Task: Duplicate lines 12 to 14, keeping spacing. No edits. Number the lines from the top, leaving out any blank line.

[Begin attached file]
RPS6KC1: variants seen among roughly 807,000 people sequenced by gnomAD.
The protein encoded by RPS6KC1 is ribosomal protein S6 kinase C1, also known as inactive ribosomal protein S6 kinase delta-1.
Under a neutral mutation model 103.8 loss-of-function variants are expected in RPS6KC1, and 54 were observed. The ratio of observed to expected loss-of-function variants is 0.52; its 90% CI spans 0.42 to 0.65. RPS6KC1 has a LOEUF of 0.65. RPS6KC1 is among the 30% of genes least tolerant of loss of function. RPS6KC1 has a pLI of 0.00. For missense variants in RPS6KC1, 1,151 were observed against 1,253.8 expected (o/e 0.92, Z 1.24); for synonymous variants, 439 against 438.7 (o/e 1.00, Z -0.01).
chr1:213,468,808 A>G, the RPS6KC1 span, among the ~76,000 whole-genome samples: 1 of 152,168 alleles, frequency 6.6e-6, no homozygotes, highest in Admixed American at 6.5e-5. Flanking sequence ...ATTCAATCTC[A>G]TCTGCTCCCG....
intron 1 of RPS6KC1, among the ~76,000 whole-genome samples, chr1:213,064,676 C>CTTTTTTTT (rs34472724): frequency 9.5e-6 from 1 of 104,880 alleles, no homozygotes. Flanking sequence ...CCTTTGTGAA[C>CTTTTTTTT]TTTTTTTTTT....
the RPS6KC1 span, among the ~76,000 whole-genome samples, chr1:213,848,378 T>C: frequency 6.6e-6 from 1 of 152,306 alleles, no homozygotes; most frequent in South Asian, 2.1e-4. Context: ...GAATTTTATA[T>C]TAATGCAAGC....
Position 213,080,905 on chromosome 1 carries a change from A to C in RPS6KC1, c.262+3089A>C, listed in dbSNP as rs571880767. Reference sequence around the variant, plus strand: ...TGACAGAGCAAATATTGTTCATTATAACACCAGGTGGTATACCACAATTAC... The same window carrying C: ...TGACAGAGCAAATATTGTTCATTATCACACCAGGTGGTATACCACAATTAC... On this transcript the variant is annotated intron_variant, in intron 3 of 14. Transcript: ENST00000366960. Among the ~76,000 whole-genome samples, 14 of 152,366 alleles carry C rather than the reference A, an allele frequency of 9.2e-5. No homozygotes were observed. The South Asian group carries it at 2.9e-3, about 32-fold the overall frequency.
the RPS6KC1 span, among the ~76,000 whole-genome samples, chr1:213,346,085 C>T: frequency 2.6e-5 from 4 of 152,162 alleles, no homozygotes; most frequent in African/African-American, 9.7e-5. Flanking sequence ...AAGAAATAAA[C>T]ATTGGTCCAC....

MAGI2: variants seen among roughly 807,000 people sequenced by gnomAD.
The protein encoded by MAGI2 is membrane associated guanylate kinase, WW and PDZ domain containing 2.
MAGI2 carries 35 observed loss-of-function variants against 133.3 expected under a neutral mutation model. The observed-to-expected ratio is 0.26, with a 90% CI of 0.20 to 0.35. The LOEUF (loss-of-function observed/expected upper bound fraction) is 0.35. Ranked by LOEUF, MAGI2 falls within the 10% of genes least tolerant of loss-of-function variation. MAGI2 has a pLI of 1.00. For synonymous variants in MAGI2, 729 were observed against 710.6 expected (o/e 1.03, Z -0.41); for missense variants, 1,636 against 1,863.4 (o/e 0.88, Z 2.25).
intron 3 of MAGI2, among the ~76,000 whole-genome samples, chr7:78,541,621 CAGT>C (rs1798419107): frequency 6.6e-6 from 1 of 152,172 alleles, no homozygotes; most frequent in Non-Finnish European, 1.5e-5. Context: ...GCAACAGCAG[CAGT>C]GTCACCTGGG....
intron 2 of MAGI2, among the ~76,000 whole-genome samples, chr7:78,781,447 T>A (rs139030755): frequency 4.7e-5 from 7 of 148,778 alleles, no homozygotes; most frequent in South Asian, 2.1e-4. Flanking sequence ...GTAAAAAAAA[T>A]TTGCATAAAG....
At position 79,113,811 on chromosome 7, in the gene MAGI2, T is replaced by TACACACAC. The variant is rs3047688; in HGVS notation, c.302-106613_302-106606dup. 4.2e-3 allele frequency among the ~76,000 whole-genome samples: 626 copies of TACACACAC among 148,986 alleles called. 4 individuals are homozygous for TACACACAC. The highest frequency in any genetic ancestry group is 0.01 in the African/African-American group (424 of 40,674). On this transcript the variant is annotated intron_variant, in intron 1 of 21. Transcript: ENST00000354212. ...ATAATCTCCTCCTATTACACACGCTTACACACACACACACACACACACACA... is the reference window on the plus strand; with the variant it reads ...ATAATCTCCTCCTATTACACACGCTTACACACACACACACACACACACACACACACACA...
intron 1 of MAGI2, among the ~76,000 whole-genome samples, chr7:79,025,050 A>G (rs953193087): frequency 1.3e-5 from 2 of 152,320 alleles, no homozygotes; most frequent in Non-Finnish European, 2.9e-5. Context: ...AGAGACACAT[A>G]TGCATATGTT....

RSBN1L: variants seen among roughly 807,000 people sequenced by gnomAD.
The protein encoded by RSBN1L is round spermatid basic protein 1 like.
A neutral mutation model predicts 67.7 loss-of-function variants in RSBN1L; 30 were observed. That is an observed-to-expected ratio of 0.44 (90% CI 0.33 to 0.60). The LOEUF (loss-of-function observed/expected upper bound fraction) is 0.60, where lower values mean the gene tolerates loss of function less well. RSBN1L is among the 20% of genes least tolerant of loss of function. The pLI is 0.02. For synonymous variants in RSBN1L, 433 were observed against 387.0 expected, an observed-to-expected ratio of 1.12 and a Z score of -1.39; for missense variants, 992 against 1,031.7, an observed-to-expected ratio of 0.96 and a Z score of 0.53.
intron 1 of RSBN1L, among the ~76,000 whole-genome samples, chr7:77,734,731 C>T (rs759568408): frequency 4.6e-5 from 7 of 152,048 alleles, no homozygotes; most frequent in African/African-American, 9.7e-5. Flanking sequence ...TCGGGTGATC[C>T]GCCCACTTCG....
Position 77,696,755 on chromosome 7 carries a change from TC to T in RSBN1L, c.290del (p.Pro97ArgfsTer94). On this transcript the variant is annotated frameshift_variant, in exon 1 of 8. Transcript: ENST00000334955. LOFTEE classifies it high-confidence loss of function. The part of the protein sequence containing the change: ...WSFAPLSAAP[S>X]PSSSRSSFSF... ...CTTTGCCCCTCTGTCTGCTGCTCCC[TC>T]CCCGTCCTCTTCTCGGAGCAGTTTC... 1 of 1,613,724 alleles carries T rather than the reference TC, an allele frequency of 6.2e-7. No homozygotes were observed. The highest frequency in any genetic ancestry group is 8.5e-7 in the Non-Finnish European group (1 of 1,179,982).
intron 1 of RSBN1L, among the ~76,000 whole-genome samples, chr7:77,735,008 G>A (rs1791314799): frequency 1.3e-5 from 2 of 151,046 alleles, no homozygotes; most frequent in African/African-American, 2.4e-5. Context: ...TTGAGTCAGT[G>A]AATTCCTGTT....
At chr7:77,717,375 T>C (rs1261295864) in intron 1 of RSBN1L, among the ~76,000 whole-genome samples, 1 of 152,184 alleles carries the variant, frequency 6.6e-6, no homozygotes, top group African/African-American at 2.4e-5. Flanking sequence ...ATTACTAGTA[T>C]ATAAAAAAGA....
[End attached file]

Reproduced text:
intron 3 of MAGI2, among the ~76,000 whole-genome samples, chr7:78,541,621 CAGT>C (rs1798419107): frequency 6.6e-6 from 1 of 152,172 alleles, no homozygotes; most frequent in Non-Finnish European, 1.5e-5. Context: ...GCAACAGCAG[CAGT>C]GTCACCTGGG....
intron 2 of MAGI2, among the ~76,000 whole-genome samples, chr7:78,781,447 T>A (rs139030755): frequency 4.7e-5 from 7 of 148,778 alleles, no homozygotes; most frequent in South Asian, 2.1e-4. Flanking sequence ...GTAAAAAAAA[T>A]TTGCATAAAG....
At position 79,113,811 on chromosome 7, in the gene MAGI2, T is replaced by TACACACAC. The variant is rs3047688; in HGVS notation, c.302-106613_302-106606dup. 4.2e-3 allele frequency among the ~76,000 whole-genome samples: 626 copies of TACACACAC among 148,986 alleles called. 4 individuals are homozygous for TACACACAC. The highest frequency in any genetic ancestry group is 0.01 in the African/African-American group (424 of 40,674). On this transcript the variant is annotated intron_variant, in intron 1 of 21. Transcript: ENST00000354212. ...ATAATCTCCTCCTATTACACACGCTTACACACACACACACACACACACACA... is the reference window on the plus strand; with the variant it reads ...ATAATCTCCTCCTATTACACACGCTTACACACACACACACACACACACACACACACACA...